Procrastination is a gift, not a curse

Some of us are just blessed with the ability to procrastinate

More stories from Faith Hultman



Hultman plays Sims in The Spectator office one hour before her deadline

I’ve heard it many times from my second grade (okay all the grades) teacher, from my parents and from my peers.

“Faith, you need to get it together.”

“Faith is gifted, but she doesn’t put enough time into her work.”

“Faith, you spent all last night playing Sims, but you have a massive project due today?”

Procrastination is viewed as a negative behavior, one that must be eradicated through careful time management and the development of responsible habits. All my life I have been the type of person to wait until the last possible second to complete anything and everything.

I spent years agonizing over how to get over my “bad” habits. I knew that I would never succeed if I kept putting everything off until the last minute because that is what everyone told me, and yet I couldn’t stop.

The lure of living life was too great.

Did I do my assignments in elementary, middle and high school? Yes. Did I understand the concepts? Usually. Did I have the chance to do other, more fun and enriching things while I was putting off the homework I knew I was capable of doing in a very limited time span? Yes.

After years of despair, I have realized that procrastination is actually a talent. Not everyone can write an A-level paper in the two hours before class.

Some people take days to construct an outline, write a first draft and rewrite. They carefully organize their sources and decide which angle to take. All of this time spent painstakingly building a paper takes away from time that could be spend doing other, more life-enriching activities.

Yesterday I read an entire paperback, watched two hours worth of Netflix and wrote a chapter of my pipe-dream novel. Each of these activities were unrelated to school, but were more helpful in cultivating who I am as a person than writing an essay.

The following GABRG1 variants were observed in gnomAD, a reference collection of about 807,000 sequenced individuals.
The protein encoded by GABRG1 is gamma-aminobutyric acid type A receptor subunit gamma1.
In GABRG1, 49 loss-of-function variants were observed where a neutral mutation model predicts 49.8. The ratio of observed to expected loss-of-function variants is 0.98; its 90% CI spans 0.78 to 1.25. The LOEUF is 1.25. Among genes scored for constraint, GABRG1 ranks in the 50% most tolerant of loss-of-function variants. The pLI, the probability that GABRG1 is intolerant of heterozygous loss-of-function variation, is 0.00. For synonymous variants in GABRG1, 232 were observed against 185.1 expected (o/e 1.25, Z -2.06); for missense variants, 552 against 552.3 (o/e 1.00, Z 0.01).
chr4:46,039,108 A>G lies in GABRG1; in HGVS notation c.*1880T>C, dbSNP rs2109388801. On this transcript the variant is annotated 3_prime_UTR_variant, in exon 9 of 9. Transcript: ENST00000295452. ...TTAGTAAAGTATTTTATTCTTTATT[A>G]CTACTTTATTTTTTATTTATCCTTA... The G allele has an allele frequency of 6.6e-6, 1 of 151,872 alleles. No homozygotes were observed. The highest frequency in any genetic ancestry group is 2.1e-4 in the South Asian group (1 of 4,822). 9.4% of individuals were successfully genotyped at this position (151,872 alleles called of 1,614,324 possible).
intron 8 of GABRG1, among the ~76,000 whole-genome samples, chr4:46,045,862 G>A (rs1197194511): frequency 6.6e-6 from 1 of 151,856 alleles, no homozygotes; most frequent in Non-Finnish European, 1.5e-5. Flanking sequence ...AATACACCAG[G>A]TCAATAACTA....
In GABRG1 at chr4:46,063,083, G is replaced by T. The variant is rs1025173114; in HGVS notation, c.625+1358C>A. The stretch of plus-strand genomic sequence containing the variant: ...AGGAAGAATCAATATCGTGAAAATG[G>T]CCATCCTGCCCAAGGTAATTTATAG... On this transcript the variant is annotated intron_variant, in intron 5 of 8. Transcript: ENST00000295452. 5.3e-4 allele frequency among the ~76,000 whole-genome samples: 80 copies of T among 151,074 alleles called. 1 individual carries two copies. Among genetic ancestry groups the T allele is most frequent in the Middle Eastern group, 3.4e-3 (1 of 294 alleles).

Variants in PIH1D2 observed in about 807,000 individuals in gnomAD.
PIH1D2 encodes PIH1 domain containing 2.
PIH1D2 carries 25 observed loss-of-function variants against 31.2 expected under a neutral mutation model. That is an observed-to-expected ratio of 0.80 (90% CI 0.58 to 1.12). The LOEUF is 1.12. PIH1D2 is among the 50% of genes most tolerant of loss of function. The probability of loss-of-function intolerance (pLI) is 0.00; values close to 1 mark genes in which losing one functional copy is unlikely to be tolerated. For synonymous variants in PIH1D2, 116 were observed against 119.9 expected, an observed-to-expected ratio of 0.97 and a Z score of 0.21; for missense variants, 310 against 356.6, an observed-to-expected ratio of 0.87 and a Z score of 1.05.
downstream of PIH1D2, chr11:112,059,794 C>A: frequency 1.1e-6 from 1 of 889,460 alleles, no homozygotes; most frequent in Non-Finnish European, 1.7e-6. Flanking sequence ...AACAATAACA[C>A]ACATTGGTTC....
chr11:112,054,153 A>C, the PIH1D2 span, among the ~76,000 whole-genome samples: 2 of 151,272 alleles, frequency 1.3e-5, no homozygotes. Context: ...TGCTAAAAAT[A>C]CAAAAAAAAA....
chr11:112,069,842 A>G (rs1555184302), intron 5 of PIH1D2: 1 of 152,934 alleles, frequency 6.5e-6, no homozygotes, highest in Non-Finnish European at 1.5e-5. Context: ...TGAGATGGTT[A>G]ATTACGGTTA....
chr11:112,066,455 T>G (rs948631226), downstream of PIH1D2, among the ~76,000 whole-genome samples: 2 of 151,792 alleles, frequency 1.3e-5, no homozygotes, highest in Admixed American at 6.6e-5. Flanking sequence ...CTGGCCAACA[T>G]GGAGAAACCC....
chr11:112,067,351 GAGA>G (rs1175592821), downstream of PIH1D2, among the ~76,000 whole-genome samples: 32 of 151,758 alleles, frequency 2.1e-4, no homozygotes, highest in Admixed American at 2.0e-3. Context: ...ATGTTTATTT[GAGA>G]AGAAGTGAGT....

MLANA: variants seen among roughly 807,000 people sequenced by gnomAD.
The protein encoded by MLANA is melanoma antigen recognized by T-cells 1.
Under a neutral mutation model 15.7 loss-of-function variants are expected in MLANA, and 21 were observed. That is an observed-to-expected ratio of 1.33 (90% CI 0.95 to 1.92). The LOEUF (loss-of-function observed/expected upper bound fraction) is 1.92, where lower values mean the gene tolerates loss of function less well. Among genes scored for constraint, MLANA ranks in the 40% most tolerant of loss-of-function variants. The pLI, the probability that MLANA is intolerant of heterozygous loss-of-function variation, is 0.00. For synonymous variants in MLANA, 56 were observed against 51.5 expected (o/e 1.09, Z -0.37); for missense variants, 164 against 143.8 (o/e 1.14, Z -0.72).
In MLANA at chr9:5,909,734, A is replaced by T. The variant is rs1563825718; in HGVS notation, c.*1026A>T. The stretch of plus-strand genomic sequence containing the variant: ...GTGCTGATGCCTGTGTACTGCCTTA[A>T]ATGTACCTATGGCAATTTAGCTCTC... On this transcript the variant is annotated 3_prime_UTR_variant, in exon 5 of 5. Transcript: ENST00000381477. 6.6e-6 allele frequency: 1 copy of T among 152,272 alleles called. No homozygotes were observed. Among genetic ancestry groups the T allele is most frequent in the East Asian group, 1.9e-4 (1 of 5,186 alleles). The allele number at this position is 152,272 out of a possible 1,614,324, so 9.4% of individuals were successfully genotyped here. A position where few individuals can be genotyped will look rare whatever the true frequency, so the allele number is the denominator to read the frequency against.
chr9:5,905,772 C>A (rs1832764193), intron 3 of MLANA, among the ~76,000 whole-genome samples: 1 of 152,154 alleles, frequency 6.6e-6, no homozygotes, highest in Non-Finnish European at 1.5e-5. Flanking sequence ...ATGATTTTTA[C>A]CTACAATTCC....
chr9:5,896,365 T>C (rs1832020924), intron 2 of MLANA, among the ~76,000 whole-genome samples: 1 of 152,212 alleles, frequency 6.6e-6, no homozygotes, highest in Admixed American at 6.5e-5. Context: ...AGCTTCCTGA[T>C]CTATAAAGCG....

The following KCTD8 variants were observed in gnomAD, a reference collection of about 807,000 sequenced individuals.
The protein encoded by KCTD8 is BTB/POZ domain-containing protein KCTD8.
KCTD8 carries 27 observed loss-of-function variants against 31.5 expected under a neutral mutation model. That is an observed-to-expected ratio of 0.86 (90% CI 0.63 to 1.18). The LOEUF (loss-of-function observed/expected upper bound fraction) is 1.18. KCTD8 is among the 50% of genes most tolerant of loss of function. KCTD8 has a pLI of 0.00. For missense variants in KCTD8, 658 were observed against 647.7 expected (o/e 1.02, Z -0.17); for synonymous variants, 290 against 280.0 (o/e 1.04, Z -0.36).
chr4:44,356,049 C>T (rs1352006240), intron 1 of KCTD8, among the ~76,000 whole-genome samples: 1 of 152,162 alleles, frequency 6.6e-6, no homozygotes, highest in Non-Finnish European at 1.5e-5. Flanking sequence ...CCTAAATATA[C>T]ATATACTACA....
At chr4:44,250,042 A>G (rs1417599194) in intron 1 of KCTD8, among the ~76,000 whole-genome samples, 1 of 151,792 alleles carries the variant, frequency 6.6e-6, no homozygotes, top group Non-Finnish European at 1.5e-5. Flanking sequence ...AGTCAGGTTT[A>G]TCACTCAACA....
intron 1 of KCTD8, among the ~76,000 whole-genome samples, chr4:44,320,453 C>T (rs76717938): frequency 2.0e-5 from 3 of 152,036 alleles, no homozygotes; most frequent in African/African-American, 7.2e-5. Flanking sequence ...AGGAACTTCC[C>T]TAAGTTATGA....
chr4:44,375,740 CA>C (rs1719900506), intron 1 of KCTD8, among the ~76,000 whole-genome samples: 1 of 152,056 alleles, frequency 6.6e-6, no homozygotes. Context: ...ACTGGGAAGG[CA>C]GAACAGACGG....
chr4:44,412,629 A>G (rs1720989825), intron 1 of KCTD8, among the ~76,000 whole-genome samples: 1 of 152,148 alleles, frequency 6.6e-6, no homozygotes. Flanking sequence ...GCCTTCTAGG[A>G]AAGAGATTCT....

Now I’m infinitely more prepared for Kimmy Schmidt’s season two appearance on Netflix, or for the day when I become the next J.K. Rowling.

I will still write the papers, read the psych chapter and this column has clearly been written. The difference is that, over the years, I have perfected the art of doing things in a time crunch.

To be totally honest, the ability to do things in a limited amount of time is infinitely more valuable to me than the ability to start early and space the task out.

Schools these days should start teaching procrastination as a life skill instead of trying to tell children their gifts are somehow unworthy or won’t serve them well in their future.

I can’t imagine the harm that would have been done to my personality if I had listened to the advice of everyone around me and become less of a procrastinator. I would be so busy lengthening the time it takes to do my schoolwork that I would never have time to broaden my horizons.

No skill has served me as well as procrastination. Stop listening to the hype and go with what you know deep inside your time “wasting” soul.